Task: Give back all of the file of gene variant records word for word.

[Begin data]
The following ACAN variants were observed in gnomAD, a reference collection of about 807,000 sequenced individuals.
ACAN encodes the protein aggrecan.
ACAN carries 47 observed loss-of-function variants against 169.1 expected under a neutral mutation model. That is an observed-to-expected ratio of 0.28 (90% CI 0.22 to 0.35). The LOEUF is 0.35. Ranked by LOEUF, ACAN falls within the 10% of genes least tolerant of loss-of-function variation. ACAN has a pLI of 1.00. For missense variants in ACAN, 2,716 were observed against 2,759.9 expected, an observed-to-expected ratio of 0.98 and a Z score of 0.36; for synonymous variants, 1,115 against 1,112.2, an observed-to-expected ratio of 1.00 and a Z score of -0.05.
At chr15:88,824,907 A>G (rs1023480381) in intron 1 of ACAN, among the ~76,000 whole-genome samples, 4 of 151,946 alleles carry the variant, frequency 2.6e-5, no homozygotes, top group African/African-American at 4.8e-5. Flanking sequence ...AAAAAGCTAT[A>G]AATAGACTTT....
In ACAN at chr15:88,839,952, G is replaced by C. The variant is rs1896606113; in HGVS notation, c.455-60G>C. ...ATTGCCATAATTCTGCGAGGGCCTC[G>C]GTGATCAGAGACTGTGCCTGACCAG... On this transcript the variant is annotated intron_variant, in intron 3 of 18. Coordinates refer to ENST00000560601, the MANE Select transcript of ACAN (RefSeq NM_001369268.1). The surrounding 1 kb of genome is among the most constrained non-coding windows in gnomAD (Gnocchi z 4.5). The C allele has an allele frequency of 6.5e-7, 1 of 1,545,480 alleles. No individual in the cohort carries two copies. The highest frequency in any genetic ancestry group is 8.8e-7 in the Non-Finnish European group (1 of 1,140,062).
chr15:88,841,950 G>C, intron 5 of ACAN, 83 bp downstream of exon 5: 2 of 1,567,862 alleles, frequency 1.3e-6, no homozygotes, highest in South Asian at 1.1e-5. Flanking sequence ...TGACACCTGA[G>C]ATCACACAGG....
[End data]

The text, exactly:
The following ACAN variants were observed in gnomAD, a reference collection of about 807,000 sequenced individuals.
ACAN encodes the protein aggrecan.
ACAN carries 47 observed loss-of-function variants against 169.1 expected under a neutral mutation model. That is an observed-to-expected ratio of 0.28 (90% CI 0.22 to 0.35). The LOEUF is 0.35. Ranked by LOEUF, ACAN falls within the 10% of genes least tolerant of loss-of-function variation. ACAN has a pLI of 1.00. For missense variants in ACAN, 2,716 were observed against 2,759.9 expected, an observed-to-expected ratio of 0.98 and a Z score of 0.36; for synonymous variants, 1,115 against 1,112.2, an observed-to-expected ratio of 1.00 and a Z score of -0.05.
At chr15:88,824,907 A>G (rs1023480381) in intron 1 of ACAN, among the ~76,000 whole-genome samples, 4 of 151,946 alleles carry the variant, frequency 2.6e-5, no homozygotes, top group African/African-American at 4.8e-5. Flanking sequence ...AAAAAGCTAT[A>G]AATAGACTTT....
In ACAN at chr15:88,839,952, G is replaced by C. The variant is rs1896606113; in HGVS notation, c.455-60G>C. ...ATTGCCATAATTCTGCGAGGGCCTC[G>C]GTGATCAGAGACTGTGCCTGACCAG... On this transcript the variant is annotated intron_variant, in intron 3 of 18. Coordinates refer to ENST00000560601, the MANE Select transcript of ACAN (RefSeq NM_001369268.1). The surrounding 1 kb of genome is among the most constrained non-coding windows in gnomAD (Gnocchi z 4.5). The C allele has an allele frequency of 6.5e-7, 1 of 1,545,480 alleles. No individual in the cohort carries two copies. The highest frequency in any genetic ancestry group is 8.8e-7 in the Non-Finnish European group (1 of 1,140,062).
chr15:88,841,950 G>C, intron 5 of ACAN, 83 bp downstream of exon 5: 2 of 1,567,862 alleles, frequency 1.3e-6, no homozygotes, highest in South Asian at 1.1e-5. Flanking sequence ...TGACACCTGA[G>C]ATCACACAGG....